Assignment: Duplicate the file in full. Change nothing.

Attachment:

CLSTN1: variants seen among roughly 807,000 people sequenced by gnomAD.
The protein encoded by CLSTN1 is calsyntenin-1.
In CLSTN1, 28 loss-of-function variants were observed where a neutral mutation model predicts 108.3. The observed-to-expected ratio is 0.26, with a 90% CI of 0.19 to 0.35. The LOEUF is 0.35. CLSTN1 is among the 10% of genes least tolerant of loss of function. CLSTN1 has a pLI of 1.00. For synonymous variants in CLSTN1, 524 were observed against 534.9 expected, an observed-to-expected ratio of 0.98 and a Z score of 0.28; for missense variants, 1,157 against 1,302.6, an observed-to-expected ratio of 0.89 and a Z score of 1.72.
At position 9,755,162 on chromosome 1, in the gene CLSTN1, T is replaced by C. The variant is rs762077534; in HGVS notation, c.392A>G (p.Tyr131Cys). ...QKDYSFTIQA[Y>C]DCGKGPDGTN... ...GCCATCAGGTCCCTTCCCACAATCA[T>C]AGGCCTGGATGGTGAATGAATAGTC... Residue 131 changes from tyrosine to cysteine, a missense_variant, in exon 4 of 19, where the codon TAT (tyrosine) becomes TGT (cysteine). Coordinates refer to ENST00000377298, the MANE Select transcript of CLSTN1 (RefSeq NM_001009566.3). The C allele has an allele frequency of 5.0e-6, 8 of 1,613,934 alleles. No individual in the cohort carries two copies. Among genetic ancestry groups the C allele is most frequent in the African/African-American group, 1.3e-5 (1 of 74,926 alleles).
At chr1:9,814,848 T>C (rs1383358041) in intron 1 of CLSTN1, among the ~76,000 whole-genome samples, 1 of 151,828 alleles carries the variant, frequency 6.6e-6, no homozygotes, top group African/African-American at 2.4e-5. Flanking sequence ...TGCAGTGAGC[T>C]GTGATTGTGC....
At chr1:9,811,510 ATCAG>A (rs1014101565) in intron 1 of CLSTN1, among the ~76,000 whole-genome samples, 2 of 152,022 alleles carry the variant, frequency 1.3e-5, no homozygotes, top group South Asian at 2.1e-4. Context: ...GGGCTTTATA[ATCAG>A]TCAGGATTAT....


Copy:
CLSTN1: variants seen among roughly 807,000 people sequenced by gnomAD.
The protein encoded by CLSTN1 is calsyntenin-1.
In CLSTN1, 28 loss-of-function variants were observed where a neutral mutation model predicts 108.3. The observed-to-expected ratio is 0.26, with a 90% CI of 0.19 to 0.35. The LOEUF is 0.35. CLSTN1 is among the 10% of genes least tolerant of loss of function. CLSTN1 has a pLI of 1.00. For synonymous variants in CLSTN1, 524 were observed against 534.9 expected, an observed-to-expected ratio of 0.98 and a Z score of 0.28; for missense variants, 1,157 against 1,302.6, an observed-to-expected ratio of 0.89 and a Z score of 1.72.
At position 9,755,162 on chromosome 1, in the gene CLSTN1, T is replaced by C. The variant is rs762077534; in HGVS notation, c.392A>G (p.Tyr131Cys). ...QKDYSFTIQA[Y>C]DCGKGPDGTN... ...GCCATCAGGTCCCTTCCCACAATCA[T>C]AGGCCTGGATGGTGAATGAATAGTC... Residue 131 changes from tyrosine to cysteine, a missense_variant, in exon 4 of 19, where the codon TAT (tyrosine) becomes TGT (cysteine). Coordinates refer to ENST00000377298, the MANE Select transcript of CLSTN1 (RefSeq NM_001009566.3). The C allele has an allele frequency of 5.0e-6, 8 of 1,613,934 alleles. No individual in the cohort carries two copies. Among genetic ancestry groups the C allele is most frequent in the African/African-American group, 1.3e-5 (1 of 74,926 alleles).
At chr1:9,814,848 T>C (rs1383358041) in intron 1 of CLSTN1, among the ~76,000 whole-genome samples, 1 of 151,828 alleles carries the variant, frequency 6.6e-6, no homozygotes, top group African/African-American at 2.4e-5. Flanking sequence ...TGCAGTGAGC[T>C]GTGATTGTGC....
At chr1:9,811,510 ATCAG>A (rs1014101565) in intron 1 of CLSTN1, among the ~76,000 whole-genome samples, 2 of 152,022 alleles carry the variant, frequency 1.3e-5, no homozygotes, top group South Asian at 2.1e-4. Context: ...GGGCTTTATA[ATCAG>A]TCAGGATTAT....